By Zhou Mengya in Features

Located within the Kunming Institute of Botany, the Fuligong (扶荔宫) Greenhouses were created as the principal venue of the prestigious United Nations Biodiversity Conference (also known as the COP-15) when it was hosted in the city in 2021.

The name Fuligong translates, approximately, to 'lychee palace' in English and this moniker is a link to what is believed to be the earliest recorded greenhouse in the world. The original Fuligong was built by the emperor Wu Di (汉武帝) over two thousand years ago in the Han Dynasty, near the city of Xi'an (西安) in the north of China. Thus, in this relatively cold and dry part of the country, fine fruits, exotic flowers and trees from the warmer, more humid south could be grown and enjoyed.


The main hall covers an impressive 4,200 square meters but is perhaps most notable for its soaring ceiling, which at a height of 31 meters makes it the tallest transparent greenhouse in the world. Most of the highlights are found here, including zones dedicated to tropical fruit, aquatic plants and desert fauna amongst other categories. A second greenhouse, shaped as a spiral, shares a similar height, and its design was inspired by the concept of 'the core of life'. In total, a dizzying 1,800 plant species of very diverse types are found here, from tiny flowers to the giant waterlily, which can support the weight of a 70kg person on its 3-meter-wide pads.


As you'd expect, special climate conditions are necessary here, and the warm, humid climate allows the specimens here to thrive. Visitors can enjoy plants from not just all over China, but far beyond: the hot valleys of inland Australia to the remote African savanna, the American deserts and far beyond. This in an exceptionally vivid display of global biodiversity.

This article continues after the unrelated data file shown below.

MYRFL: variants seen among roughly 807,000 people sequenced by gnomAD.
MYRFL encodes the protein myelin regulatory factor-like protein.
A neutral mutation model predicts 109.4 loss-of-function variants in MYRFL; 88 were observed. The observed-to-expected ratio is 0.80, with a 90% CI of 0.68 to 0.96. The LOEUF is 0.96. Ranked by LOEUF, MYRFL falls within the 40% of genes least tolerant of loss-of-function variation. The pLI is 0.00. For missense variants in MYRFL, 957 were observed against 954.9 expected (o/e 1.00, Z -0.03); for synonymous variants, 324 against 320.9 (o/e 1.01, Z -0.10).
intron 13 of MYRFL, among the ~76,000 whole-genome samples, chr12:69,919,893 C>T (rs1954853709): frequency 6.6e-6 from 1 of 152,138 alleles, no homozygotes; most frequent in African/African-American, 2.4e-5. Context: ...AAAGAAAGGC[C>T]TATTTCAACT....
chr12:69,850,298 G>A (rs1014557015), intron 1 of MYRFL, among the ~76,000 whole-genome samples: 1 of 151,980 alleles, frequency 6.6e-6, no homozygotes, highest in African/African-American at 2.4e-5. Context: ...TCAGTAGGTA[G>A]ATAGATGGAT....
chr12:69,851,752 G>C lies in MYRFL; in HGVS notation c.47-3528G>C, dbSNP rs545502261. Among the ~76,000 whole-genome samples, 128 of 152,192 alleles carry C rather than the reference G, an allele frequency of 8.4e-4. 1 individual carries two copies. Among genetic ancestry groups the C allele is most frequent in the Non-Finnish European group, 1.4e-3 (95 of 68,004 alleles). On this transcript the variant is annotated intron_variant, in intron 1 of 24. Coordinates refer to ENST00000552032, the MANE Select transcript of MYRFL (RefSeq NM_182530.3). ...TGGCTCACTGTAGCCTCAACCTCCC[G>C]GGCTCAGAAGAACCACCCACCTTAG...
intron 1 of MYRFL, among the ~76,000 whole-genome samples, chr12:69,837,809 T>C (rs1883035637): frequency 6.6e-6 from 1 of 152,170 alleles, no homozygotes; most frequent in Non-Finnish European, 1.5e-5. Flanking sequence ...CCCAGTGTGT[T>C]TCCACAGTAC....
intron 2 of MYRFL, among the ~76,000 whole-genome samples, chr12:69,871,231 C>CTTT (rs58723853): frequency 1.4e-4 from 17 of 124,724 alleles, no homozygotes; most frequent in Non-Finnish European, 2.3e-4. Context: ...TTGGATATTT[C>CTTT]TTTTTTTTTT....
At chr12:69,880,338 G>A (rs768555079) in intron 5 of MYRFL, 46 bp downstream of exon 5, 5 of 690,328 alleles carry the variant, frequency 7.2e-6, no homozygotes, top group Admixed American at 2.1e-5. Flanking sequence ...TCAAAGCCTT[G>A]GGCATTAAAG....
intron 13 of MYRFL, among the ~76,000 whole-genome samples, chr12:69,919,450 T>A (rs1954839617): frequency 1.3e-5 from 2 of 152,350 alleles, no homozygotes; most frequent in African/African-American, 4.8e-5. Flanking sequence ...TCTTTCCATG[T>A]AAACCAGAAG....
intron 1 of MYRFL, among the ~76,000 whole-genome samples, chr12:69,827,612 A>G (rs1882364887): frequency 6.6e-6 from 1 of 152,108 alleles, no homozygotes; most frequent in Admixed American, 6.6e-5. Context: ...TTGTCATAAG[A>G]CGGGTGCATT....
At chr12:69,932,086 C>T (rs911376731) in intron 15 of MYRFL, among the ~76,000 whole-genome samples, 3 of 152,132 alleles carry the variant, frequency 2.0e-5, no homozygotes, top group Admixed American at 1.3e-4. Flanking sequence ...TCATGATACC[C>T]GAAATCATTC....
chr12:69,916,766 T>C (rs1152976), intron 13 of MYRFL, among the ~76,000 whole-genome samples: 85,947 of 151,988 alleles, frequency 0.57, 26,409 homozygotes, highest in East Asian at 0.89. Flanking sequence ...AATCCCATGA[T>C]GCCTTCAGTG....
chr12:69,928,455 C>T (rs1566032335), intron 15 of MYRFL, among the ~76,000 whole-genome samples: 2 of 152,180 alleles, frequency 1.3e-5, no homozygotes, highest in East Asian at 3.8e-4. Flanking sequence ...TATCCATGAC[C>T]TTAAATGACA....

On October 18, 2022, the Executive Committee Office of the UN conference that was held here announced that they would maintain the Fuligong Greenhouses as a permanent exhibition space so that it could serve as a tribute to the success of the event. In the future, it is understood that the complex will be further developed by the scientists and researchers that oversee the site, ensuring a greater number of species being introduced and resulting in an even more diverse set of landscapes represented.


Nestled within China's vast landscape is the lush province of Yunnan, a dynamic botanical museum housing over half of the country's plant species. The Fuligong greenhouses, an architectural marvel in this green sanctuary, showcase Yunnan's unique biodiversity. Here, in the "Kingdom of Plants," thousands of rare species flourish under one roof. When in Kunming, a visit to the extraordinary Fuligong is a must for an immersive exploration into the heart of China's botanical richness.